Colostrum and milk-derived peptide growth factors for the treatment of gastrointestinal disorders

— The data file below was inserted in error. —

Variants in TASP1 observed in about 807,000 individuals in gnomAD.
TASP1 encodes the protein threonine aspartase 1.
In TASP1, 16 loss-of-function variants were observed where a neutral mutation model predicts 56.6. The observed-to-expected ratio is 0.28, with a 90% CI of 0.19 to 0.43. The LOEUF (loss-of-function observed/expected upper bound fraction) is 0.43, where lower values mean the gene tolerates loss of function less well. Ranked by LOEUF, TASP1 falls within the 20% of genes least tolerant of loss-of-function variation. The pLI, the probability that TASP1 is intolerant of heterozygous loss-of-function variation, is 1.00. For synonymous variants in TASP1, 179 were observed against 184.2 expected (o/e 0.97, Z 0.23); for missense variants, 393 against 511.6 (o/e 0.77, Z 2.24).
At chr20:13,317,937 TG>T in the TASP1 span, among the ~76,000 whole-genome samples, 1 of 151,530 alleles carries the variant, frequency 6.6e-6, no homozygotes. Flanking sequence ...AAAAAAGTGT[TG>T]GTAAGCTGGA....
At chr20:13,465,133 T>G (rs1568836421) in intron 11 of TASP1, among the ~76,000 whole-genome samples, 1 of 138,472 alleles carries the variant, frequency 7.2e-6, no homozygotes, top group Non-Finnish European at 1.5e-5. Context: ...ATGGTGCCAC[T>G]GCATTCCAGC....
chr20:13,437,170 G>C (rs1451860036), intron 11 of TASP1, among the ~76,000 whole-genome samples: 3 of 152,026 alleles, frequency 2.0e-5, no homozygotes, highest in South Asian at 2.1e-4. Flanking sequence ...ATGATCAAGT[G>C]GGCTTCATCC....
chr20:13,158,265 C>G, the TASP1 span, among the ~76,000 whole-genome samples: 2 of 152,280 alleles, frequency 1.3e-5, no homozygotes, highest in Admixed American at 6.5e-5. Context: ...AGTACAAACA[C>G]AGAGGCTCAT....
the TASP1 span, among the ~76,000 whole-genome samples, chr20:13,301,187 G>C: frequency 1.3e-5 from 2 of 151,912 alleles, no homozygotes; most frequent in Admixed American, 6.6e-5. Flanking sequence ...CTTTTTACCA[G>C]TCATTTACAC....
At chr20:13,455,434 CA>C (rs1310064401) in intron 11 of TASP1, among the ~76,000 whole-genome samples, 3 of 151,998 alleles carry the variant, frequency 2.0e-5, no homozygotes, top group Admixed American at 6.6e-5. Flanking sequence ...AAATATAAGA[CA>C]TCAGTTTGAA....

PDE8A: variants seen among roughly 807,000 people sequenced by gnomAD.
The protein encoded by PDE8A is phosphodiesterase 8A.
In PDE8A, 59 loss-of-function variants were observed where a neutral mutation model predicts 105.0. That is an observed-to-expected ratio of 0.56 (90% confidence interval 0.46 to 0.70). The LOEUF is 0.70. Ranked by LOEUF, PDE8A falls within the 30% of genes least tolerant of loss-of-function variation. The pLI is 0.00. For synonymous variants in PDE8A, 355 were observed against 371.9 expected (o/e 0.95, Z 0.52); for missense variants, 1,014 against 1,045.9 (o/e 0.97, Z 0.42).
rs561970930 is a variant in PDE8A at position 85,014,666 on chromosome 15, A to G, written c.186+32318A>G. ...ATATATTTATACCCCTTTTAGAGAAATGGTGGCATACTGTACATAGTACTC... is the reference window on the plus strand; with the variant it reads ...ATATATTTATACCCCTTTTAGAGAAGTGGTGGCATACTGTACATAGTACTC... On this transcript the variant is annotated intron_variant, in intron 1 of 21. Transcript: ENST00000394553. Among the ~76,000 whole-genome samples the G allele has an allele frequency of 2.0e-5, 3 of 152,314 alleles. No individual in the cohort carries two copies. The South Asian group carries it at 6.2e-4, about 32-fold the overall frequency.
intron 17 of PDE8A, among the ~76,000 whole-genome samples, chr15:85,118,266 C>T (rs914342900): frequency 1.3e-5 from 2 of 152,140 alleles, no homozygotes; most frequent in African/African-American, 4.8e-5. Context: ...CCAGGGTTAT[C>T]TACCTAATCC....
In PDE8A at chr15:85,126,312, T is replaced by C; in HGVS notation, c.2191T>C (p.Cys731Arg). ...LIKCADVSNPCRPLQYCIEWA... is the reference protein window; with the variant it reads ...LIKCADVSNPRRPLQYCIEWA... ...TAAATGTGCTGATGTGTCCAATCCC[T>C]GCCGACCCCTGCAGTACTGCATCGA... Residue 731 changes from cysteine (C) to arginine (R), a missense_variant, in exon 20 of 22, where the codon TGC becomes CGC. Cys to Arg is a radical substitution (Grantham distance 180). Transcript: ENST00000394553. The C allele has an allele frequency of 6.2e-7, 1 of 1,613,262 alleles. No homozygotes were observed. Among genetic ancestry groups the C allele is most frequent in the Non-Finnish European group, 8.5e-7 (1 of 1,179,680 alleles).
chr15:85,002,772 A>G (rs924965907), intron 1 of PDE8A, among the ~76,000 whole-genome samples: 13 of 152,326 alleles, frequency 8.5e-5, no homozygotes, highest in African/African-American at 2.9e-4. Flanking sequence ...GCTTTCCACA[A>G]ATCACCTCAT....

Colostrum is the specific first diet of mammalian neonates and is rich in immunoglobulins, antimicrobial peptides, and growth factors. In this article we review some of these constituents of human and bovine colostrum in comparison with those of mature milk. Recent studies suggest that colostral fractions, or individual peptides present in colostrum, might be useful for the treatment of a wide variety of gastrointestinal conditions, including inflammatory bowel disease, nonsteroidal antiinflammatory drug-induced gut injury, and chemotherapy-induced mucositis. We therefore discuss the therapeutic possibilities of using whole colostrum, or individual peptides present in colostrum, for the treatment of various gastrointestinal diseases and the relative merits of the 2 approaches.